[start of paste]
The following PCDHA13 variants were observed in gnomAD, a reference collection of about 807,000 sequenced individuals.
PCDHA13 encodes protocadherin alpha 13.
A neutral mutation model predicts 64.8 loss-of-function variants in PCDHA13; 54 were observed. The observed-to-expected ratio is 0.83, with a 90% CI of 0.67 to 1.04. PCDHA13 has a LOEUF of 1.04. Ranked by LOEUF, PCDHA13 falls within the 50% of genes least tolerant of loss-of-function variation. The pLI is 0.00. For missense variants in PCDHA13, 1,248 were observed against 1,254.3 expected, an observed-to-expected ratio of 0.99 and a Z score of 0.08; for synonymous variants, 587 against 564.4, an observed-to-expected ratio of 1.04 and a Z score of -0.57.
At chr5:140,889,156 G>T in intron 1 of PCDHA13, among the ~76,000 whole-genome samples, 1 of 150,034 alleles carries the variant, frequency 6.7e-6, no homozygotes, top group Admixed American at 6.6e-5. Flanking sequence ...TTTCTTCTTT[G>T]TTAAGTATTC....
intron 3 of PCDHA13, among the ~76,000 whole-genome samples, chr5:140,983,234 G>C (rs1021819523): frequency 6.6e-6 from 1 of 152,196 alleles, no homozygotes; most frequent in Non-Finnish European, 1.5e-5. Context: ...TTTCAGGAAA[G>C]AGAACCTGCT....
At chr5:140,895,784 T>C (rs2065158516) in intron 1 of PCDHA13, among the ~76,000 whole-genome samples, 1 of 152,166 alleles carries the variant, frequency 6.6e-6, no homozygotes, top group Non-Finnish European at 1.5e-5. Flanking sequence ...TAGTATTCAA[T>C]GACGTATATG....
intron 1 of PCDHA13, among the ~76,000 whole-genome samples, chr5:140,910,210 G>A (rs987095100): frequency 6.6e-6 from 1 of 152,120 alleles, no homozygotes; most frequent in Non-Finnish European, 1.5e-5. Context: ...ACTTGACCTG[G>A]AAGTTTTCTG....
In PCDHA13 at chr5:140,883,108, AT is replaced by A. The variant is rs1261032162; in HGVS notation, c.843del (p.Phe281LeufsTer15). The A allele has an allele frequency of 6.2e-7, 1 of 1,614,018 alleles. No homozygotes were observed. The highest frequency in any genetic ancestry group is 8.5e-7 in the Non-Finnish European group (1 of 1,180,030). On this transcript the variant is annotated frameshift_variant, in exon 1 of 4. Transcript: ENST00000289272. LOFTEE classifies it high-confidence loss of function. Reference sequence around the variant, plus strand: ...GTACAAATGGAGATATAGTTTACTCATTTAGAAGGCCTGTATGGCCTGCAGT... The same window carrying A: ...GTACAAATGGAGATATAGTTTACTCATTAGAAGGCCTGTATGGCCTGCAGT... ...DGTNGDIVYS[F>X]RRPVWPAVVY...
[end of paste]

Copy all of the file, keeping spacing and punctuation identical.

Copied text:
The following PCDHA13 variants were observed in gnomAD, a reference collection of about 807,000 sequenced individuals.
PCDHA13 encodes protocadherin alpha 13.
A neutral mutation model predicts 64.8 loss-of-function variants in PCDHA13; 54 were observed. The observed-to-expected ratio is 0.83, with a 90% CI of 0.67 to 1.04. PCDHA13 has a LOEUF of 1.04. Ranked by LOEUF, PCDHA13 falls within the 50% of genes least tolerant of loss-of-function variation. The pLI is 0.00. For missense variants in PCDHA13, 1,248 were observed against 1,254.3 expected, an observed-to-expected ratio of 0.99 and a Z score of 0.08; for synonymous variants, 587 against 564.4, an observed-to-expected ratio of 1.04 and a Z score of -0.57.
At chr5:140,889,156 G>T in intron 1 of PCDHA13, among the ~76,000 whole-genome samples, 1 of 150,034 alleles carries the variant, frequency 6.7e-6, no homozygotes, top group Admixed American at 6.6e-5. Flanking sequence ...TTTCTTCTTT[G>T]TTAAGTATTC....
intron 3 of PCDHA13, among the ~76,000 whole-genome samples, chr5:140,983,234 G>C (rs1021819523): frequency 6.6e-6 from 1 of 152,196 alleles, no homozygotes; most frequent in Non-Finnish European, 1.5e-5. Context: ...TTTCAGGAAA[G>C]AGAACCTGCT....
At chr5:140,895,784 T>C (rs2065158516) in intron 1 of PCDHA13, among the ~76,000 whole-genome samples, 1 of 152,166 alleles carries the variant, frequency 6.6e-6, no homozygotes, top group Non-Finnish European at 1.5e-5. Flanking sequence ...TAGTATTCAA[T>C]GACGTATATG....
intron 1 of PCDHA13, among the ~76,000 whole-genome samples, chr5:140,910,210 G>A (rs987095100): frequency 6.6e-6 from 1 of 152,120 alleles, no homozygotes; most frequent in Non-Finnish European, 1.5e-5. Context: ...ACTTGACCTG[G>A]AAGTTTTCTG....
In PCDHA13 at chr5:140,883,108, AT is replaced by A. The variant is rs1261032162; in HGVS notation, c.843del (p.Phe281LeufsTer15). The A allele has an allele frequency of 6.2e-7, 1 of 1,614,018 alleles. No homozygotes were observed. The highest frequency in any genetic ancestry group is 8.5e-7 in the Non-Finnish European group (1 of 1,180,030). On this transcript the variant is annotated frameshift_variant, in exon 1 of 4. Transcript: ENST00000289272. LOFTEE classifies it high-confidence loss of function. Reference sequence around the variant, plus strand: ...GTACAAATGGAGATATAGTTTACTCATTTAGAAGGCCTGTATGGCCTGCAGT... The same window carrying A: ...GTACAAATGGAGATATAGTTTACTCATTAGAAGGCCTGTATGGCCTGCAGT... ...DGTNGDIVYS[F>X]RRPVWPAVVY...